Agriculture Summit Highlights
ROSEMONT, Ill. — The sixth annual Sustainable Agriculture Summit, held virtually Nov. 18-19, attracted a record 800 attendees. The summit is hosted jointly by five organizations representing U.S. dairy, commodity crop, specialty crop, beef, and pork industries, including the checkoff-founded Innovation Center for U.S. Dairy.
Barbara O’Brien, president of the Innovation Center for U.S. Dairy, opened the Sustainable Agriculture Summit with a review of the COVID-19 crisis and its impact on the world. She says Feeding America projects an 8 billion meal deficit in the charitable food system over the next 12 months, and that the virus created a “reframing” of how people think about and define a sustainable food system.
“Brands, companies, and industries, including agriculture, can no longer sit on the sidelines of the conversation,” O’Brien said during the summit. “We don’t have the luxury to stay silent on environmental, social, and economic issues as non-governmental organizations, customers and consumers make it an expectation of business.”
O’Brien recognized the 2050 Environmental Stewardship Goals announced by the Innovation Center for U.S. Dairy and applauded the resilience of U.S. agriculture this year, saying its collective strength positions the industry for a bright future.
A panel discussion led by Krysta Harden, executive vice president of global environmental strategy for Dairy Management Inc., focused on how environmental, social and governance issues are revolutionizing sustainability throughout the value chain. For agriculture, these challenges include climate change, food waste, labor, and the treatment of essential workers.
Harden referenced dairy’s proactivity in launching its U.S. Dairy Stewardship Commitment in 2018. The commitment is a voluntary social responsibility pledge to consumers and customers that processors and cooperatives will transparently meet defined criteria in areas including animal care, environment, and food safety. Harden says 29 dairy companies representing 70% of U.S. milk production have adopted the Stewardship Commitment.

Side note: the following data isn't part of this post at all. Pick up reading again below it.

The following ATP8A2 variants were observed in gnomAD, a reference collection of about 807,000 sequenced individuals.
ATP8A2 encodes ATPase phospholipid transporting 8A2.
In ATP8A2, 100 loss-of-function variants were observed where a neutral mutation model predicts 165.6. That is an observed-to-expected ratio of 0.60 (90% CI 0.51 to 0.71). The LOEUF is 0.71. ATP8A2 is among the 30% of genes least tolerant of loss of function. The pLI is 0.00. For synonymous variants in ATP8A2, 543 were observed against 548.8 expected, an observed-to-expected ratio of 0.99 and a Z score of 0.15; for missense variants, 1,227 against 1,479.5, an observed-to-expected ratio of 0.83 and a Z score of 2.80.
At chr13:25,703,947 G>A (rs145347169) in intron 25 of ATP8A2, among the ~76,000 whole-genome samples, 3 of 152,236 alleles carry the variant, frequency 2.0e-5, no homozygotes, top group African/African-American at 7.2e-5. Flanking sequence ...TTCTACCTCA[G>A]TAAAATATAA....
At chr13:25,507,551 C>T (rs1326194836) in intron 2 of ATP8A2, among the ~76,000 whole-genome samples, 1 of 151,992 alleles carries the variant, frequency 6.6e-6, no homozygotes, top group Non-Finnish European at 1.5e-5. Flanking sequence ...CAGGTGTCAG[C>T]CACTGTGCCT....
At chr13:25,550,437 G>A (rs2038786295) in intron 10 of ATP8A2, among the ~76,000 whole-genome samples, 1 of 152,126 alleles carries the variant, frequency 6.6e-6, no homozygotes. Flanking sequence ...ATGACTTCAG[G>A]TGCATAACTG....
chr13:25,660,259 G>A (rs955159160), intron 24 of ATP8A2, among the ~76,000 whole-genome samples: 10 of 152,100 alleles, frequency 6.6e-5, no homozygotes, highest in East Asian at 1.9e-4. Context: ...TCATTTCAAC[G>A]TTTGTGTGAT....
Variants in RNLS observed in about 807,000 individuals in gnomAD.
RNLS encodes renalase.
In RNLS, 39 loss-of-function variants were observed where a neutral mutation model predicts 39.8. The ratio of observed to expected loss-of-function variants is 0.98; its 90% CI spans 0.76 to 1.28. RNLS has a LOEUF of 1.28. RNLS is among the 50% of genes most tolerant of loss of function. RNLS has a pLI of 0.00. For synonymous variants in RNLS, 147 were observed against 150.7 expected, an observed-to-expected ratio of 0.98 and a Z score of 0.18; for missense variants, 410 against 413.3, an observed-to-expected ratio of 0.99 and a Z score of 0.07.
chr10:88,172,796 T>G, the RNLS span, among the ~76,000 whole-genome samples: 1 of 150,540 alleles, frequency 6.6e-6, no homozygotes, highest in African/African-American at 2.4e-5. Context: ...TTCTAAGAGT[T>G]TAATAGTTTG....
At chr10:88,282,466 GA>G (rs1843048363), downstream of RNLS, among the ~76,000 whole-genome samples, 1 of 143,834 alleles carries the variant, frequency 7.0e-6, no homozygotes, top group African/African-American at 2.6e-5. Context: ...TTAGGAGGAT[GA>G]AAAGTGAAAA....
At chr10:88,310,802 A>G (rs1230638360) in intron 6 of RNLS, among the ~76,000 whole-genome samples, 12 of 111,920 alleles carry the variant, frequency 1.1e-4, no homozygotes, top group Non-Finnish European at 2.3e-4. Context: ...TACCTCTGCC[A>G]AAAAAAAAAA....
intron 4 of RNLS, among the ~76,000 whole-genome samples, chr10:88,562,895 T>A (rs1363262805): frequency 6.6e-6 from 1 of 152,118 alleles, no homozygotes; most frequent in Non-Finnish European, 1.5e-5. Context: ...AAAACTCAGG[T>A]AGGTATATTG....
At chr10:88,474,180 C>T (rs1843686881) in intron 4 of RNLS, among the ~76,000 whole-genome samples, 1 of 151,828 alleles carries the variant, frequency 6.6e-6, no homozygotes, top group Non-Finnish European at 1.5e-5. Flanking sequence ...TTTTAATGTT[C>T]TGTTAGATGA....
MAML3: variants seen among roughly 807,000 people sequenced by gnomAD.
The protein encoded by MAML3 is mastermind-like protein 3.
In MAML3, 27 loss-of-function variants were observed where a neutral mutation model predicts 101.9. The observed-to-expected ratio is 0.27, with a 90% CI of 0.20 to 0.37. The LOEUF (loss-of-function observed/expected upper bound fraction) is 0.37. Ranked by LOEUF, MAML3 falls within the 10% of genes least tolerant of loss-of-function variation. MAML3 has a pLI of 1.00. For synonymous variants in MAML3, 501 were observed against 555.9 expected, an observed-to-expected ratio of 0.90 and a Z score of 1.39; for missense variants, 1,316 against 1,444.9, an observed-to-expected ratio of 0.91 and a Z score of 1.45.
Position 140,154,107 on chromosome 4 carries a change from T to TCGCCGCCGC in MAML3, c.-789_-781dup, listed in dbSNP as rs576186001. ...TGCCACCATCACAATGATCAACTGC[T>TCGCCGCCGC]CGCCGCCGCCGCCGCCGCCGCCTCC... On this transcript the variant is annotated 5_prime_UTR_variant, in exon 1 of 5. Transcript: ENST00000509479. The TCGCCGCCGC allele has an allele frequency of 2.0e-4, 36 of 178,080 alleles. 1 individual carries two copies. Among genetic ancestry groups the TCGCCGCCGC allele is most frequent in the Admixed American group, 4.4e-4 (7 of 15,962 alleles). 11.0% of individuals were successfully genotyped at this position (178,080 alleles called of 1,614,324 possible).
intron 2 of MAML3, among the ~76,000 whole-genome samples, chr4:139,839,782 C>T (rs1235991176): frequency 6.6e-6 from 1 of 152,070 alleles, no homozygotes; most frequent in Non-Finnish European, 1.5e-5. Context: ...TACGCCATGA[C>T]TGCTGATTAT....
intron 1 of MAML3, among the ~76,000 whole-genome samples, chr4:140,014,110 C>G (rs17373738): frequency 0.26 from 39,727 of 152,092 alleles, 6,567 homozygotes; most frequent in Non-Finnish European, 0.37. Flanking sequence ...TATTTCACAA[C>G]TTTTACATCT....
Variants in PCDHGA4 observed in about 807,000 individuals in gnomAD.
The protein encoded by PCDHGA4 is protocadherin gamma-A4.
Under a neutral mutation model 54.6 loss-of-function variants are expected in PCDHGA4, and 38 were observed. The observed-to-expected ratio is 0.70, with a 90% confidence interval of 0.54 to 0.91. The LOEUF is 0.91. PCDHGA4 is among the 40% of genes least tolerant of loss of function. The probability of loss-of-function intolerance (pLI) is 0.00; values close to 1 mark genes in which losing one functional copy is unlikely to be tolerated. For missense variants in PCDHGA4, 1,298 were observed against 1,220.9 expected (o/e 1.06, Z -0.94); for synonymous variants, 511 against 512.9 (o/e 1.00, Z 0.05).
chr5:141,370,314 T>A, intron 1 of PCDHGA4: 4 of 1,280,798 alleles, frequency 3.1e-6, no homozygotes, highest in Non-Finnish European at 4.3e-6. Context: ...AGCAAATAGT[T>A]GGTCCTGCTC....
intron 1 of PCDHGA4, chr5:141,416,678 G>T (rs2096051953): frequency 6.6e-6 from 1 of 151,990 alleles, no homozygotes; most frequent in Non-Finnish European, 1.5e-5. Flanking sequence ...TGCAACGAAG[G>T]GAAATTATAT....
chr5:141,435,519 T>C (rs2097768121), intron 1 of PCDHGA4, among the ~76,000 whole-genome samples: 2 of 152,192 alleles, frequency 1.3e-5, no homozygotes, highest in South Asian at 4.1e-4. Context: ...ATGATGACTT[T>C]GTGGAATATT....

“Investors are increasingly seeking a strong link between corporate sustainability performance and financial performance, which is why it’s important for agriculture to take note and make sure we are prepared to accelerate these areas,” Harden says.
The summit also featured a panel discussion on how COVID-19 heightened public awareness around food security and how food and agriculture can build sustainable supply chains in a disrupted world.
Denise Osterhues, senior director of sustainability and community engagement for The Kroger Co., says the company’s Zero Hunger | Zero Waste program that aims to end hunger and reduce waste in its communities by 2025, took on added relevance this year.
Kroger’s top priority during the onset of COVID-19 was to stay in business so consumers could continue having access to safe, healthy, and affordable food, according to Osterhues. The grocer invested more than $1 billion in health and safety measures for employees and customers. Kroger also accelerated its e-commerce business and offered curbside and delivery services.
Oosterhuis also referenced a milk donation program in Michigan that was in place before COVID-19 hit, in which Kroger collects surplus milk from co-ops and donates the processing. More than 130,000 gallons have been donated into the Feeding America pipeline as a result.
“One lesson we believed from the start but has become more clear is that we totally need everyone,” Osterhues says. “It will take all of us to do our own parts and more. We’re excited about the innovation we have seen. Some of the start-ups, entrepreneurs, and college students who have risen to the moment are putting creative solutions in place and making things happen.”
Other panel sessions addressed subjects including preserving biodiversity, climate-smart agriculture and working alongside underrepresented communities to build a more just, equitable and inclusive food system.
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Source: Cheese Market News